The first issue arises with that question - how do you define and measure impact? I hope that the rest of this post clears that one up.
After announcing the inclusion of 20% Time into the timetable, children were buzzing with ideas and interests. Parents were discussing it on the playground, children were gathering resources or researching relevant material, and my Head Teacher was a star in trusting me to try it out.
Each child spent a three minute 'meeting' with me to discuss and document their ideas and, most importantly, what they would be learning and achieving with their project. They had to be critical too - what did they need to improve upon? What did they genuinely want to learn? Each child left the meeting with a clear idea on their learning and a rough idea of what the success criteria would look like. The best part? Each and every child had an intrinsic desire to learn. Promise.
As the 20& Time sessions began flowing over the next couple of weeks, the atmosphere was remarkable. I spent a good twenty minutes (and I'll happily admit this!) just sitting and observing the children. Did they even need me anymore?!
In reality, 20% Time sessions were the busiest sessions that I'd be involved with, and they continue to be so. Effectively monitoring 24 different projects to ensure definite, powerful learning isn't a laid back task. But it's lovely. Advice and feedback is fairly easy though - each child has 23 contacts for that.
Projects began to take shape as weeks went by and children rarely lost focus. If they did, they soon got it back by looking at what they set out to learn and improve upon. A proportion of the learning that took place was also serendipitous (a type of learning that I'm beginning to fall in love with) - learning things that they hadn't necessarily set out to learn along the way.
We had recipe books, websites, help guides, movie reviews, game reviews, storybooks, manuals, artwork and more, with a plethora of topics. Topics that genuinely interested the child.
The pessimistic amongst you (that's unfair - I guess 'realistic' is the word I should be using) will want to know about 'that one child'. You know - the sort of child who seizes an opportunity like this to waste time on a computer and produce not a lot. All it took to remove this was careful monitoring and more structured feedback from me. And in terms of children with SEN? They just got on, seeking support as and when it was required from whoever they felt was right for the job. In fact, they really shined.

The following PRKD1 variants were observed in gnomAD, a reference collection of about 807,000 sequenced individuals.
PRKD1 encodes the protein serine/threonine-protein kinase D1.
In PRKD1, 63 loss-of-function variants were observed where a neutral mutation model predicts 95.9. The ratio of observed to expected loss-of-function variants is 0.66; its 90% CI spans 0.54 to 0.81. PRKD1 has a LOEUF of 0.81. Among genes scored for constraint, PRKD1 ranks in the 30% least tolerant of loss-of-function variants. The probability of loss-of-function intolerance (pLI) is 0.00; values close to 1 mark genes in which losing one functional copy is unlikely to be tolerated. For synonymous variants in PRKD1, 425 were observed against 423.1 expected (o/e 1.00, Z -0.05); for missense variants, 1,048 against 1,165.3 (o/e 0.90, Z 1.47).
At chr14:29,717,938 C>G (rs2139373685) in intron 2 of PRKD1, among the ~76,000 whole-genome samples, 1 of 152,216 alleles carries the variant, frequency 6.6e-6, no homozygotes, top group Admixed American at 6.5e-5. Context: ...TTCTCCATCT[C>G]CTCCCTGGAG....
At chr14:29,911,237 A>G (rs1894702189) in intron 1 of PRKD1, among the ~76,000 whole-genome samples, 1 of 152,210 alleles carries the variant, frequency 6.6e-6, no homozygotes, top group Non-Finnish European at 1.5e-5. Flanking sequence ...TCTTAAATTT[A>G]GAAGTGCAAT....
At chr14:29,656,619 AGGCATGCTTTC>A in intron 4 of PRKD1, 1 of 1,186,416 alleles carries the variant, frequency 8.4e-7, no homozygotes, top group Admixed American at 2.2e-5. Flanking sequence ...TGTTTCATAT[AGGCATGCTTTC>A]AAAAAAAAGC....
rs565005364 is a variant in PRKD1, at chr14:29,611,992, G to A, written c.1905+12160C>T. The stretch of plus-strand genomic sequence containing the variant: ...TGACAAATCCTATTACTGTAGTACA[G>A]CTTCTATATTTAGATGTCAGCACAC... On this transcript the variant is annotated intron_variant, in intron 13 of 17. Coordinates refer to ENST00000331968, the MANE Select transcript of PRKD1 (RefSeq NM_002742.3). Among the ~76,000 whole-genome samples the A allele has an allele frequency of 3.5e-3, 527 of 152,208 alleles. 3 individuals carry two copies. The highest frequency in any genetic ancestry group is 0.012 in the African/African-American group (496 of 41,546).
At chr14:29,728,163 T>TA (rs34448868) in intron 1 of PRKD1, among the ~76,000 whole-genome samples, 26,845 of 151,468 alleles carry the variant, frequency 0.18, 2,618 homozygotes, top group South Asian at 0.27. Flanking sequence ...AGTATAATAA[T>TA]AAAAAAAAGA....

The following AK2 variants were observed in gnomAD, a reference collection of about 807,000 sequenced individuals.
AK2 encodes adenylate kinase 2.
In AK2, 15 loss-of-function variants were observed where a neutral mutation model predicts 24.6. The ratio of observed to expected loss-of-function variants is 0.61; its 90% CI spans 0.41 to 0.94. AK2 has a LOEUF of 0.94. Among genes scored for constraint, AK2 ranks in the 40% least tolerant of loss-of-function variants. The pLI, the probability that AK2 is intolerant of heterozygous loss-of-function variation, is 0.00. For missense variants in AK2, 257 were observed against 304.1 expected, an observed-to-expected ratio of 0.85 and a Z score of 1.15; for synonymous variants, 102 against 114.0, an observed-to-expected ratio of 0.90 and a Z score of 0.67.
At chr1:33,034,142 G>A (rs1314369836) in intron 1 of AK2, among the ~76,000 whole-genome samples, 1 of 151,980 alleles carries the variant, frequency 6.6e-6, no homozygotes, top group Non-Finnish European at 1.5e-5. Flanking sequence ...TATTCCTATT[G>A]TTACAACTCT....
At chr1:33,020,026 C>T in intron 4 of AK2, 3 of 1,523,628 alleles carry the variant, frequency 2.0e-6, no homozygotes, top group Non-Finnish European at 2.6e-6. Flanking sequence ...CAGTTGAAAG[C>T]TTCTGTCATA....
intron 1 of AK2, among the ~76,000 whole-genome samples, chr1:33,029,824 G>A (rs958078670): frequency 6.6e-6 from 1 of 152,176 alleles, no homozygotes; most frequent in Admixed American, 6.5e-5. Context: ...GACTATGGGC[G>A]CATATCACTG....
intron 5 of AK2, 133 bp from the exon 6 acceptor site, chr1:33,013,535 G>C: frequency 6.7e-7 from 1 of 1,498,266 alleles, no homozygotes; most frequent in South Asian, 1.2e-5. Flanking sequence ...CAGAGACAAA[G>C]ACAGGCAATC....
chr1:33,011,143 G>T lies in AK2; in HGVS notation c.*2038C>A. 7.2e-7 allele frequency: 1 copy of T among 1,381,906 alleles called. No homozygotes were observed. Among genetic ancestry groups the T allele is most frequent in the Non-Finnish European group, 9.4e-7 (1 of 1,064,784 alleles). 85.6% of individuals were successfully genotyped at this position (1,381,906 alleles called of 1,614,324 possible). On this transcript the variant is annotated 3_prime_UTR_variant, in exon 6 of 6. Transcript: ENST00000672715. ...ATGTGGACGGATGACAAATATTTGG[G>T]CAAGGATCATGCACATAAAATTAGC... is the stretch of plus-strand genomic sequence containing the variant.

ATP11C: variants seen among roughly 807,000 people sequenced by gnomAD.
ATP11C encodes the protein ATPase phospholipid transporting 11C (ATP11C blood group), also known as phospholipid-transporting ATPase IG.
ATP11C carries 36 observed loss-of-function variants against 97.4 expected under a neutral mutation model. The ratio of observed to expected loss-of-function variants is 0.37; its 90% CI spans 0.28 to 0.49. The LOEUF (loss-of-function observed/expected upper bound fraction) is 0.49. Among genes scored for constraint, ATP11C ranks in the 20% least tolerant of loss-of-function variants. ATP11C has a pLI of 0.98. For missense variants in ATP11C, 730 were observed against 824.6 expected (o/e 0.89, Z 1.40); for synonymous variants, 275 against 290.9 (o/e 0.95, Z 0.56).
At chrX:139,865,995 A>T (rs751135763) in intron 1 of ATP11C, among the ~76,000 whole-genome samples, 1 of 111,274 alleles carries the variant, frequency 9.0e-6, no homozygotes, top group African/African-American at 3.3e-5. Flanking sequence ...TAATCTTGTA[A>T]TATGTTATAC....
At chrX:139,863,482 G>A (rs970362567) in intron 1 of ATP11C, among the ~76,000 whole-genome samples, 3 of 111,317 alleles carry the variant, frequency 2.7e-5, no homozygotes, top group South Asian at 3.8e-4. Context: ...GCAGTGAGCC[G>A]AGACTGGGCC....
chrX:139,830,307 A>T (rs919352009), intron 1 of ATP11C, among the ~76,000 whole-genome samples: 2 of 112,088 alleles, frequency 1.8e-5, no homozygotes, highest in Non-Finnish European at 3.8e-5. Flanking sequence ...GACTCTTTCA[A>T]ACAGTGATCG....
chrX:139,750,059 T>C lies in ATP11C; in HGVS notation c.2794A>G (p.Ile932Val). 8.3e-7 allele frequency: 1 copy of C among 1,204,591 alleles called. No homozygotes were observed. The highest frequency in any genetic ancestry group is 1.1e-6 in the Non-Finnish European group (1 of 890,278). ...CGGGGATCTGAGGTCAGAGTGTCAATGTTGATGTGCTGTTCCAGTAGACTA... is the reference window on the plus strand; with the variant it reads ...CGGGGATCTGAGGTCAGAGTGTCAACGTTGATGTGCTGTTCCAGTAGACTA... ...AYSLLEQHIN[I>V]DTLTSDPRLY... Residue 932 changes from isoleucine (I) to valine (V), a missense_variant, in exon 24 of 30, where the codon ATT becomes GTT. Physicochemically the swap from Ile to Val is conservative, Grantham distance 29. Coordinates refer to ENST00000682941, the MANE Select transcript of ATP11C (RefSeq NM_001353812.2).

The gritty bit for data lovers: Progress made by children has been above what I would have expected. 20% Time is not solely the credit-taker for that, but it has definitely had an impact - you only have to look at the attitudes of the class. Children work hard on their other work to ensure 20% Time and their standards are higher - if their own projects are so good, they must be capable of doing that with other work too, right?
One girl really summed it up for me. This quote isn't modified at all. Promise number two.
"Yeah I'm actually pretty proud of this. It's the sort of thing I joked to my mum about doing when I'm older. I've learnt how to make instructions interesting to read and I know how difficult it is to make something that stands out to a reader. It'd probably have been easier with someone helping me though."
20% Time has developed a class of intrinsically motivated learners who strive to make themselves proud without any fear whatsoever of making mistakes. They are flexible, find solutions to problems and they offer realistic advice to their peers - appreciating the importance of interdependence within society. Their projects are memorable and they are unique - bursting with creativity. 20% Time will be a part of my timetable until the day I leave the teaching profession.
INTERESTED? If you're interested in the concept of 20% Time and would like to know more, drop me an email at firstname.lastname@example.org or leave a comment below.